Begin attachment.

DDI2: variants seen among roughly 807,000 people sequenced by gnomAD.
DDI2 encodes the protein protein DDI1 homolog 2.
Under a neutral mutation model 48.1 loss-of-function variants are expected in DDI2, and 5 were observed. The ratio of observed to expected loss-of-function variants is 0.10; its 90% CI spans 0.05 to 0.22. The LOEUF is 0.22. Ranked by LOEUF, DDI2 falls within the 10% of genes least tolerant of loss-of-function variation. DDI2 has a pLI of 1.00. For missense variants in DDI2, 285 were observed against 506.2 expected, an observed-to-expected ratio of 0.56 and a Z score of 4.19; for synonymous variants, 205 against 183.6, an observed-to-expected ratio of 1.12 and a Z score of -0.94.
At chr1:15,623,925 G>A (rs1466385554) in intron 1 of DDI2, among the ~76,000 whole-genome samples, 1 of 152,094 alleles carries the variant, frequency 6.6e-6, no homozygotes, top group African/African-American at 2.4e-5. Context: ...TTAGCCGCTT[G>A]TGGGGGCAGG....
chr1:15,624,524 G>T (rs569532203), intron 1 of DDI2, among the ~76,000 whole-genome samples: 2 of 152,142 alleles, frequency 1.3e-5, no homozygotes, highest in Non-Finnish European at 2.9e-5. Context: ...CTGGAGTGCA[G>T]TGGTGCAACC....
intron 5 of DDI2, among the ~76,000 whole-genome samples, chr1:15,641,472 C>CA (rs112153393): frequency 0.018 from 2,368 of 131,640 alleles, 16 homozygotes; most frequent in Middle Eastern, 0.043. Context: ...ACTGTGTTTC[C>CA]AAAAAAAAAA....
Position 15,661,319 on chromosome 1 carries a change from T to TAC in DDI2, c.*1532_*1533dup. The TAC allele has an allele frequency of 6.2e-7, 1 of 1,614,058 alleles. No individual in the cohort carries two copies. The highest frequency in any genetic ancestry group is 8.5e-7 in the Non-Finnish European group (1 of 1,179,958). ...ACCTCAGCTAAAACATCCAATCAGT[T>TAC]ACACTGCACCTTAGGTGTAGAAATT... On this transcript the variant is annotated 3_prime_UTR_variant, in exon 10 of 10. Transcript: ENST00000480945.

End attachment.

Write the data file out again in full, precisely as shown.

DDI2: variants seen among roughly 807,000 people sequenced by gnomAD.
DDI2 encodes the protein protein DDI1 homolog 2.
Under a neutral mutation model 48.1 loss-of-function variants are expected in DDI2, and 5 were observed. The ratio of observed to expected loss-of-function variants is 0.10; its 90% CI spans 0.05 to 0.22. The LOEUF is 0.22. Ranked by LOEUF, DDI2 falls within the 10% of genes least tolerant of loss-of-function variation. DDI2 has a pLI of 1.00. For missense variants in DDI2, 285 were observed against 506.2 expected, an observed-to-expected ratio of 0.56 and a Z score of 4.19; for synonymous variants, 205 against 183.6, an observed-to-expected ratio of 1.12 and a Z score of -0.94.
At chr1:15,623,925 G>A (rs1466385554) in intron 1 of DDI2, among the ~76,000 whole-genome samples, 1 of 152,094 alleles carries the variant, frequency 6.6e-6, no homozygotes, top group African/African-American at 2.4e-5. Context: ...TTAGCCGCTT[G>A]TGGGGGCAGG....
chr1:15,624,524 G>T (rs569532203), intron 1 of DDI2, among the ~76,000 whole-genome samples: 2 of 152,142 alleles, frequency 1.3e-5, no homozygotes, highest in Non-Finnish European at 2.9e-5. Context: ...CTGGAGTGCA[G>T]TGGTGCAACC....
intron 5 of DDI2, among the ~76,000 whole-genome samples, chr1:15,641,472 C>CA (rs112153393): frequency 0.018 from 2,368 of 131,640 alleles, 16 homozygotes; most frequent in Middle Eastern, 0.043. Context: ...ACTGTGTTTC[C>CA]AAAAAAAAAA....
Position 15,661,319 on chromosome 1 carries a change from T to TAC in DDI2, c.*1532_*1533dup. The TAC allele has an allele frequency of 6.2e-7, 1 of 1,614,058 alleles. No individual in the cohort carries two copies. The highest frequency in any genetic ancestry group is 8.5e-7 in the Non-Finnish European group (1 of 1,179,958). ...ACCTCAGCTAAAACATCCAATCAGT[T>TAC]ACACTGCACCTTAGGTGTAGAAATT... On this transcript the variant is annotated 3_prime_UTR_variant, in exon 10 of 10. Transcript: ENST00000480945.